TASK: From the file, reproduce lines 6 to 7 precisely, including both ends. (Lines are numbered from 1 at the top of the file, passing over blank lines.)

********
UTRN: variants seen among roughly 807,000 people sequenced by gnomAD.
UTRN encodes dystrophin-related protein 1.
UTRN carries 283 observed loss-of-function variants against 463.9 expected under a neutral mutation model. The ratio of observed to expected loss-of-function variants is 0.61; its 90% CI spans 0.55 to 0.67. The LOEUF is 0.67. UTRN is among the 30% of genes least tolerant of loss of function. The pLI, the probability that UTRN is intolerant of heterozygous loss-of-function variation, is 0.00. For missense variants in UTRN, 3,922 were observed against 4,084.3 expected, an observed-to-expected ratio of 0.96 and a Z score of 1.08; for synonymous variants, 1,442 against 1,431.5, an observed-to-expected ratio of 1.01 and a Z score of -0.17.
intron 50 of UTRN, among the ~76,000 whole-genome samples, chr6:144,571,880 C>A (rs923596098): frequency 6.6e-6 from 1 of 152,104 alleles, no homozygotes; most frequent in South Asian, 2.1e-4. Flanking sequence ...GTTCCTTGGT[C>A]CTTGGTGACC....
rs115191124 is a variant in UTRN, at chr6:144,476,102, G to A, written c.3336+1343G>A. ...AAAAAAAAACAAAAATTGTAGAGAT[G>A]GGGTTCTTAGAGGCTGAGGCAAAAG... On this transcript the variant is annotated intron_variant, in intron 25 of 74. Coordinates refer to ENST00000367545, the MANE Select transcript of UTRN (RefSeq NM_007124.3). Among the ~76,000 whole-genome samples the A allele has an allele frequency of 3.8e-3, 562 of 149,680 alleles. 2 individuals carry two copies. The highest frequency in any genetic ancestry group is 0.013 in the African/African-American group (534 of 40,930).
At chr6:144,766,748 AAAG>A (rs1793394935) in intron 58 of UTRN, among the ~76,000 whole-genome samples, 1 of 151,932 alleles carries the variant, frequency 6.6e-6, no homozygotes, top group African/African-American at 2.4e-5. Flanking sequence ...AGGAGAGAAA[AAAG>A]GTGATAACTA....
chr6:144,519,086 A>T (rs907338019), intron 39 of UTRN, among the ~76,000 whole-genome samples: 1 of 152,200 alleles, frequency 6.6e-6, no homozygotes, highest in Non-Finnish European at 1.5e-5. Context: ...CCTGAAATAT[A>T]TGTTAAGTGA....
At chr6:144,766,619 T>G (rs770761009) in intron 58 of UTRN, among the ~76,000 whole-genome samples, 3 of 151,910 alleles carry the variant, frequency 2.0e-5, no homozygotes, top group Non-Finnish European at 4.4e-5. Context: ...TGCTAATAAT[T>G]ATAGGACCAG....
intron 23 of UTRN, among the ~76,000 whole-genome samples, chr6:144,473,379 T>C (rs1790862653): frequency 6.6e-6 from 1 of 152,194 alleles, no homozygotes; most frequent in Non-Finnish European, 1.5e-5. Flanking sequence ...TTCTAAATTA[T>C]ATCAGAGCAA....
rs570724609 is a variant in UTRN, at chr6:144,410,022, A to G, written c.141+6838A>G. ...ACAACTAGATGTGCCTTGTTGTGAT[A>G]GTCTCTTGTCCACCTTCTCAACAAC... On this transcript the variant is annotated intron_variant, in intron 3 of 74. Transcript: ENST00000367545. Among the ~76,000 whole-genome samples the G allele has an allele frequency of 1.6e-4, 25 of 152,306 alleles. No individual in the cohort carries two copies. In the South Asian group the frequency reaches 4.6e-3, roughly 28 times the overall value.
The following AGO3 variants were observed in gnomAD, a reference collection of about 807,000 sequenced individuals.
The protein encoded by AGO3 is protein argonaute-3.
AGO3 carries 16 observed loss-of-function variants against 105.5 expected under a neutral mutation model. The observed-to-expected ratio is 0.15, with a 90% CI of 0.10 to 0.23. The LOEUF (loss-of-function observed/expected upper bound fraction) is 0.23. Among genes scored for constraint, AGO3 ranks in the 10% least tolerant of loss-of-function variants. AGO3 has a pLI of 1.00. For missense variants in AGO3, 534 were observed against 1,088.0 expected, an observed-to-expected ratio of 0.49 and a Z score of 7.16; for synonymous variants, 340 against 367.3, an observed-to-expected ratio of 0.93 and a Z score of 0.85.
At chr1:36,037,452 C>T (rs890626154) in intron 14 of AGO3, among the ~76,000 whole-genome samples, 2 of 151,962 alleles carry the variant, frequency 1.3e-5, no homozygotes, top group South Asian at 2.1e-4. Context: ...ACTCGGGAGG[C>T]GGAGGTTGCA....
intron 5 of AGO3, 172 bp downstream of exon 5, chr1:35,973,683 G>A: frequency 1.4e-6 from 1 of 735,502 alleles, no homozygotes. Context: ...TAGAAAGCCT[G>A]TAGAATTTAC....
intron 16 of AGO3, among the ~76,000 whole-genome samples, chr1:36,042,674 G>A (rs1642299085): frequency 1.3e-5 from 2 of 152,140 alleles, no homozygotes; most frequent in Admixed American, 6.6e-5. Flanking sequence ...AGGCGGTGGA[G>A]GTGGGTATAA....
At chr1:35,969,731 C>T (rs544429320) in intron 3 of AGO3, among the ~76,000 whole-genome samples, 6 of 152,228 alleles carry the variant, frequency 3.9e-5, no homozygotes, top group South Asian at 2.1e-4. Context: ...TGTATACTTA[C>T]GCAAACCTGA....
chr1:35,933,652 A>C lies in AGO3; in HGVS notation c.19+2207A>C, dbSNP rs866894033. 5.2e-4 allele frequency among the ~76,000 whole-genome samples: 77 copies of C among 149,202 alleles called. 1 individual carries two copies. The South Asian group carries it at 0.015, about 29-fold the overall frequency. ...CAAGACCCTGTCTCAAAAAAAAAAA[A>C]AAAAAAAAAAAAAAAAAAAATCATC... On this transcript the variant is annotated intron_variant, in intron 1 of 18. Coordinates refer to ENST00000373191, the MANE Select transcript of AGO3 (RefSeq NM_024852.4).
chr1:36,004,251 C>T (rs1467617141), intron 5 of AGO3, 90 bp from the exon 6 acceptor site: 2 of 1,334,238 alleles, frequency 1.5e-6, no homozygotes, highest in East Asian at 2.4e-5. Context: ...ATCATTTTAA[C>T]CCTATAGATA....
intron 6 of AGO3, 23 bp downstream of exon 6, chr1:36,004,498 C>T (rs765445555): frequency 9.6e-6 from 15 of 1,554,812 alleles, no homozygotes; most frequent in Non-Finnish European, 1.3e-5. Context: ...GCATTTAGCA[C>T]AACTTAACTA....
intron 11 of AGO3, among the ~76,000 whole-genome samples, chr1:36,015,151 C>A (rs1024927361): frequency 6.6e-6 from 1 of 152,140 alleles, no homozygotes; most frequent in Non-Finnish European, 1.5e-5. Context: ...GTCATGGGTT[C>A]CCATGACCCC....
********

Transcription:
At chr6:144,766,748 AAAG>A (rs1793394935) in intron 58 of UTRN, among the ~76,000 whole-genome samples, 1 of 151,932 alleles carries the variant, frequency 6.6e-6, no homozygotes, top group African/African-American at 2.4e-5. Flanking sequence ...AGGAGAGAAA[AAAG>A]GTGATAACTA....
chr6:144,519,086 A>T (rs907338019), intron 39 of UTRN, among the ~76,000 whole-genome samples: 1 of 152,200 alleles, frequency 6.6e-6, no homozygotes, highest in Non-Finnish European at 1.5e-5. Context: ...CCTGAAATAT[A>T]TGTTAAGTGA....